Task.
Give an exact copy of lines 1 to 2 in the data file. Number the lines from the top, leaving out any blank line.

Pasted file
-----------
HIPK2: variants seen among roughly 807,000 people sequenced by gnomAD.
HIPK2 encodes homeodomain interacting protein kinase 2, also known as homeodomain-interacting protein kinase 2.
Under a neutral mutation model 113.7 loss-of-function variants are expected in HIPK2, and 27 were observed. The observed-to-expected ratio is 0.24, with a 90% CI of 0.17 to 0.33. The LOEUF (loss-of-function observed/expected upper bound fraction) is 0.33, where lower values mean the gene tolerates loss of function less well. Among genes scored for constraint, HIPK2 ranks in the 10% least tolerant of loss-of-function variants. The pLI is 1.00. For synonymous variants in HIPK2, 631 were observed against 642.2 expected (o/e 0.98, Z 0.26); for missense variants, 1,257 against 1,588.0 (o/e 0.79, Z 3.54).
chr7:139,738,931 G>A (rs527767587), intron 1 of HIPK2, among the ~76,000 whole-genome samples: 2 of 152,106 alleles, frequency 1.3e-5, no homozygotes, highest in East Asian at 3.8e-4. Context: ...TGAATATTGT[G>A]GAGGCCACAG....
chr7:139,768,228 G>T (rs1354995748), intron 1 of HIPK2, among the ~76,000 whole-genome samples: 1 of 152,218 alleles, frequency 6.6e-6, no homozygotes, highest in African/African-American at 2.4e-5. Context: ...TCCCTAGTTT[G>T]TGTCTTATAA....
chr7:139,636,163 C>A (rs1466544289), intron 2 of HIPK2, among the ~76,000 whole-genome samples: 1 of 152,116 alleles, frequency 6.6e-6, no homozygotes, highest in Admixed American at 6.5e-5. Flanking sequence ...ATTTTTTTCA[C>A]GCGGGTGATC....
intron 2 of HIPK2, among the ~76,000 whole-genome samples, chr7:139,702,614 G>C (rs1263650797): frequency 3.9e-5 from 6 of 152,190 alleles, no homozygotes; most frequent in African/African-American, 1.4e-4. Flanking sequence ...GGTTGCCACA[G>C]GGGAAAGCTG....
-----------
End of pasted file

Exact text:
HIPK2: variants seen among roughly 807,000 people sequenced by gnomAD.
HIPK2 encodes homeodomain interacting protein kinase 2, also known as homeodomain-interacting protein kinase 2.